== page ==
This Blog Essay site devotes every February to a series of integrated but short essays on a single theme. The Ruminations Series in 2009 produced a series of aphoristic (ἀφορισμός) essays, meant to provoke thought rather than explain it. The hope was that, built up on each other, the series would provide a matrix of thoughts that together might lead the reader in new directions. Ruminations continue to be produced form time to time. For 2010, this site introduced a new series--Business and Human Rights. The series took as its starting point the issues and questions raised by John Ruggie, the United Nations Special Representative of the Secretary-General (SRSG) on business and human rights, in a global online forum.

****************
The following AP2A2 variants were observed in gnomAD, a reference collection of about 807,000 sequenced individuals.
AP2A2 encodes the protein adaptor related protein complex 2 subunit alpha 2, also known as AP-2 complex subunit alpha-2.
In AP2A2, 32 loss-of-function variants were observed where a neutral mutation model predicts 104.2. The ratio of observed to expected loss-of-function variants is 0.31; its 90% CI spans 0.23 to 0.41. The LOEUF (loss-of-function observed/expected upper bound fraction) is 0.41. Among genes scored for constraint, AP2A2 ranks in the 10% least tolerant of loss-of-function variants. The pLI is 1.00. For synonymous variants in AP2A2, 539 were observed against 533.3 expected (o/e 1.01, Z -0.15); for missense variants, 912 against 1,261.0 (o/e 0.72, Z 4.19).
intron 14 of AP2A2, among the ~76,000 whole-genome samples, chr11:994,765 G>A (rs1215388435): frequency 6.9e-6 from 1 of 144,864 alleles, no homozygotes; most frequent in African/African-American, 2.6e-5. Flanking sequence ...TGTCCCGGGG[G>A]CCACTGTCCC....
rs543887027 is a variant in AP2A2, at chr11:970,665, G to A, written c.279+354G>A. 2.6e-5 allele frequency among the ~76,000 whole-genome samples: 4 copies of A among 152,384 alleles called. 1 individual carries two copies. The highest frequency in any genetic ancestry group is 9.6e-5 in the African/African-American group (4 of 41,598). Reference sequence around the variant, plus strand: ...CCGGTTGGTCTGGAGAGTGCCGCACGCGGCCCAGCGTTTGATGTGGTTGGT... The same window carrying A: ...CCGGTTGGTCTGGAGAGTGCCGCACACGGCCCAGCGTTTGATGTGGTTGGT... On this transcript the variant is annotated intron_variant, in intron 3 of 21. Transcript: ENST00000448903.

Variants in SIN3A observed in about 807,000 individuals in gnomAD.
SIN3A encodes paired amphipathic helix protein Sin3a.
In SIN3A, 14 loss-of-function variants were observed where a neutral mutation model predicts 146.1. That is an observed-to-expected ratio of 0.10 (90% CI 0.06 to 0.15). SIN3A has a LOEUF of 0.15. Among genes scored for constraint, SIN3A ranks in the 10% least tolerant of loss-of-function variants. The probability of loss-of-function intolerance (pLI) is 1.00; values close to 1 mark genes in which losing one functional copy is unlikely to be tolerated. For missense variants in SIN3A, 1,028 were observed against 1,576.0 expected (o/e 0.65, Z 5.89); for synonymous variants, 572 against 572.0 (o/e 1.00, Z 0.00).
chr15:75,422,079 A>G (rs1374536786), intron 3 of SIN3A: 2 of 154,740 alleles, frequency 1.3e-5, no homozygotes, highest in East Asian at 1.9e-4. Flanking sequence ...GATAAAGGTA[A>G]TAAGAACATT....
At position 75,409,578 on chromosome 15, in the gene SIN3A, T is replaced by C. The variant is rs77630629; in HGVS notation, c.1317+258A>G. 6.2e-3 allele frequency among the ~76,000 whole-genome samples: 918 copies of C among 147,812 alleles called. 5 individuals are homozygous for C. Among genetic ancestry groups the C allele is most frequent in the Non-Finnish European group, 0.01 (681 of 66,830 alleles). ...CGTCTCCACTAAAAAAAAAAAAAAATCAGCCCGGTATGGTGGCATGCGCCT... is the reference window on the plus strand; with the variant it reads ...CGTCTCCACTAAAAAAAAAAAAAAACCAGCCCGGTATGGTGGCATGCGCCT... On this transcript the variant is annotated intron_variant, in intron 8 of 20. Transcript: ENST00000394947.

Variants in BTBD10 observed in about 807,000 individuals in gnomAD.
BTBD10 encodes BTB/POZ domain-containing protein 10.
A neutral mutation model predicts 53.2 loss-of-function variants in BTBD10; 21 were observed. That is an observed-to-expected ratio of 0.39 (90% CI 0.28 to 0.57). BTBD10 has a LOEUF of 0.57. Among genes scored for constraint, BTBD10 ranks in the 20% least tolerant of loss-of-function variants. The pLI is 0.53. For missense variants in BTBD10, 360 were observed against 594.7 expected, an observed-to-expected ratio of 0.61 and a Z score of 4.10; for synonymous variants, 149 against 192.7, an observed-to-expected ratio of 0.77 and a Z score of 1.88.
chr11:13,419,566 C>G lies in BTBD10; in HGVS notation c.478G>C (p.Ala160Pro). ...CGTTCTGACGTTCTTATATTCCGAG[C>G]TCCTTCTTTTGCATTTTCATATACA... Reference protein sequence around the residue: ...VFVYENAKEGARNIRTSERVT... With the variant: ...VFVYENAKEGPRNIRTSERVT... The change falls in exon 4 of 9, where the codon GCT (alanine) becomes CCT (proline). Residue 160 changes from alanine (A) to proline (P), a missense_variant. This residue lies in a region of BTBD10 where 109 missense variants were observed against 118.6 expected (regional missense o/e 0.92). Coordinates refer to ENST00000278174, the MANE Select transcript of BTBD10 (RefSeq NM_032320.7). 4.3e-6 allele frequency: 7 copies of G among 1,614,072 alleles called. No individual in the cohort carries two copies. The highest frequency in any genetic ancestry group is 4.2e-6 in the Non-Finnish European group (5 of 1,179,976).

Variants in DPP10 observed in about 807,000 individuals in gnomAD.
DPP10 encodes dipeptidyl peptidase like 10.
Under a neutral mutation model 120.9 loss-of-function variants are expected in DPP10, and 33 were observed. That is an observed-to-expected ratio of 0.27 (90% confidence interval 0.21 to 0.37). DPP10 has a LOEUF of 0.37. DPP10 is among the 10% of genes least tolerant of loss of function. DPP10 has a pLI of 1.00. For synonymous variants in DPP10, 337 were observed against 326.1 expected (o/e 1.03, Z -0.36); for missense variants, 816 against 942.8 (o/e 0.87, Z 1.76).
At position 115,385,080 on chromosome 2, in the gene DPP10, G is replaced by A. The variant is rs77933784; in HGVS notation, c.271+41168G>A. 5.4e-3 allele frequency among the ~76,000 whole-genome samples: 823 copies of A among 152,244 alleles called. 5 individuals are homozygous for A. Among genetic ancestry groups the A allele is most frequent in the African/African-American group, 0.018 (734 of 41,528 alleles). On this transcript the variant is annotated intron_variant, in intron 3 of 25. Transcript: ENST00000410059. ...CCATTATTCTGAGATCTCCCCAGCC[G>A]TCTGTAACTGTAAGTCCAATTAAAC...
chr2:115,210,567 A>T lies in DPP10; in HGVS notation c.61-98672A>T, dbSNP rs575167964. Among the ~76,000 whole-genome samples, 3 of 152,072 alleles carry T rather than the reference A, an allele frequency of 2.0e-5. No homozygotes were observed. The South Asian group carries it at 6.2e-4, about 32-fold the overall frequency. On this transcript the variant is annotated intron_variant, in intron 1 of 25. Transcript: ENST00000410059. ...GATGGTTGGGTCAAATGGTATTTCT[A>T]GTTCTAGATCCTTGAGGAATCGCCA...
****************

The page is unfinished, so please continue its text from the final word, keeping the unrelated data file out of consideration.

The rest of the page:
For 2011, this site introduces a new series of integrated essays--Developing a Coherent Transnational Jurisprudence of Ethical Investing: The Norwegian Sovereign Wealth Fund Ethics Council Model. The object of this series to to consider the work of the Ethics Council of the Norwegian Sovereign Wealth Fund. The thesis of this series is this: The Norwegian Sovereign Wealth Fund (NSWF ) investment program is grounded in the application of a set of Ethical Guidelines adopted by the Storting (the Norwegian Legislature) and enforced through an Ethics Council charged with determining whether a company should be excluded from investment by the NSWF. The work of the Ethics Council has produced the beginnings of a coherent jurisprudence of ethics for corporate investment. That jurisprudence may contribute significantly both to the development of transnational social norm standards and affect the way domestic corporate law is understood. This is Part XVI of the series.